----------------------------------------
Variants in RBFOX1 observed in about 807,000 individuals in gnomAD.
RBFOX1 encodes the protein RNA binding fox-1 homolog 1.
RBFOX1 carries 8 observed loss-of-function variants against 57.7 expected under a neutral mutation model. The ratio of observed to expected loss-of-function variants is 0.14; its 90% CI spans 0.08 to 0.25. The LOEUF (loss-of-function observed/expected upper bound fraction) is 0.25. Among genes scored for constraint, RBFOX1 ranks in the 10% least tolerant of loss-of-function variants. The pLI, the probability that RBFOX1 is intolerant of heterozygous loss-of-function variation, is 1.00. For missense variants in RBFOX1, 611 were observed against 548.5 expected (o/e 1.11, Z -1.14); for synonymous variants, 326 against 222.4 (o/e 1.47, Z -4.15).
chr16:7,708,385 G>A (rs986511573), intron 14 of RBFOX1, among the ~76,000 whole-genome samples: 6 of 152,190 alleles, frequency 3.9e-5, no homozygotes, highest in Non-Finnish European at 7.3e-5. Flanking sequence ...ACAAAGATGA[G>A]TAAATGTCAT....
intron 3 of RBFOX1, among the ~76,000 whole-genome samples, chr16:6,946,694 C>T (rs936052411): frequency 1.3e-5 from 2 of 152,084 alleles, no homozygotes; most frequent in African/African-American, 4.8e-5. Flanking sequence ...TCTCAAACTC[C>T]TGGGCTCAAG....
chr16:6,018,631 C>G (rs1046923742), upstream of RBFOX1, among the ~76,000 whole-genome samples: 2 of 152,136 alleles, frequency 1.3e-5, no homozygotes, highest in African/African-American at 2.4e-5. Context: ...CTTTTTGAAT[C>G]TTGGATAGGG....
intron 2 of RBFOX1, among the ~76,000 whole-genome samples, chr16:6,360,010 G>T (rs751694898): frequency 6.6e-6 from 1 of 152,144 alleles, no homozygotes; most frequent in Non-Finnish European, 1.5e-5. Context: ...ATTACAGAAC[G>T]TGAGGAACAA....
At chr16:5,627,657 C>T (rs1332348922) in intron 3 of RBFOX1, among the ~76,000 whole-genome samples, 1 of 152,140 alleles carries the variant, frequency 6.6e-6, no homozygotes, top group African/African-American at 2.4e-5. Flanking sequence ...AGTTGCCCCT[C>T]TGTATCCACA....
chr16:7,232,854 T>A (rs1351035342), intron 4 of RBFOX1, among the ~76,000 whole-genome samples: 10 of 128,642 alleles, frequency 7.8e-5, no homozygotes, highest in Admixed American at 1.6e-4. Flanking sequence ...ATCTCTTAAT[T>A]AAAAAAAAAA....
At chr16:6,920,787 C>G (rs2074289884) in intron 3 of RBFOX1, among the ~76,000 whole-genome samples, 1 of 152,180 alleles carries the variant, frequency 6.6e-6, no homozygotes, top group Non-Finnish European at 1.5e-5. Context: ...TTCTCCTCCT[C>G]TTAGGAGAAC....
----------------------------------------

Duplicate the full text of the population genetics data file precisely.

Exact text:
Variants in RBFOX1 observed in about 807,000 individuals in gnomAD.
RBFOX1 encodes the protein RNA binding fox-1 homolog 1.
RBFOX1 carries 8 observed loss-of-function variants against 57.7 expected under a neutral mutation model. The ratio of observed to expected loss-of-function variants is 0.14; its 90% CI spans 0.08 to 0.25. The LOEUF (loss-of-function observed/expected upper bound fraction) is 0.25. Among genes scored for constraint, RBFOX1 ranks in the 10% least tolerant of loss-of-function variants. The pLI, the probability that RBFOX1 is intolerant of heterozygous loss-of-function variation, is 1.00. For missense variants in RBFOX1, 611 were observed against 548.5 expected (o/e 1.11, Z -1.14); for synonymous variants, 326 against 222.4 (o/e 1.47, Z -4.15).
chr16:7,708,385 G>A (rs986511573), intron 14 of RBFOX1, among the ~76,000 whole-genome samples: 6 of 152,190 alleles, frequency 3.9e-5, no homozygotes, highest in Non-Finnish European at 7.3e-5. Flanking sequence ...ACAAAGATGA[G>A]TAAATGTCAT....
intron 3 of RBFOX1, among the ~76,000 whole-genome samples, chr16:6,946,694 C>T (rs936052411): frequency 1.3e-5 from 2 of 152,084 alleles, no homozygotes; most frequent in African/African-American, 4.8e-5. Flanking sequence ...TCTCAAACTC[C>T]TGGGCTCAAG....
chr16:6,018,631 C>G (rs1046923742), upstream of RBFOX1, among the ~76,000 whole-genome samples: 2 of 152,136 alleles, frequency 1.3e-5, no homozygotes, highest in African/African-American at 2.4e-5. Context: ...CTTTTTGAAT[C>G]TTGGATAGGG....
intron 2 of RBFOX1, among the ~76,000 whole-genome samples, chr16:6,360,010 G>T (rs751694898): frequency 6.6e-6 from 1 of 152,144 alleles, no homozygotes; most frequent in Non-Finnish European, 1.5e-5. Context: ...ATTACAGAAC[G>T]TGAGGAACAA....
At chr16:5,627,657 C>T (rs1332348922) in intron 3 of RBFOX1, among the ~76,000 whole-genome samples, 1 of 152,140 alleles carries the variant, frequency 6.6e-6, no homozygotes, top group African/African-American at 2.4e-5. Flanking sequence ...AGTTGCCCCT[C>T]TGTATCCACA....
chr16:7,232,854 T>A (rs1351035342), intron 4 of RBFOX1, among the ~76,000 whole-genome samples: 10 of 128,642 alleles, frequency 7.8e-5, no homozygotes, highest in Admixed American at 1.6e-4. Flanking sequence ...ATCTCTTAAT[T>A]AAAAAAAAAA....
At chr16:6,920,787 C>G (rs2074289884) in intron 3 of RBFOX1, among the ~76,000 whole-genome samples, 1 of 152,180 alleles carries the variant, frequency 6.6e-6, no homozygotes, top group Non-Finnish European at 1.5e-5. Context: ...TTCTCCTCCT[C>G]TTAGGAGAAC....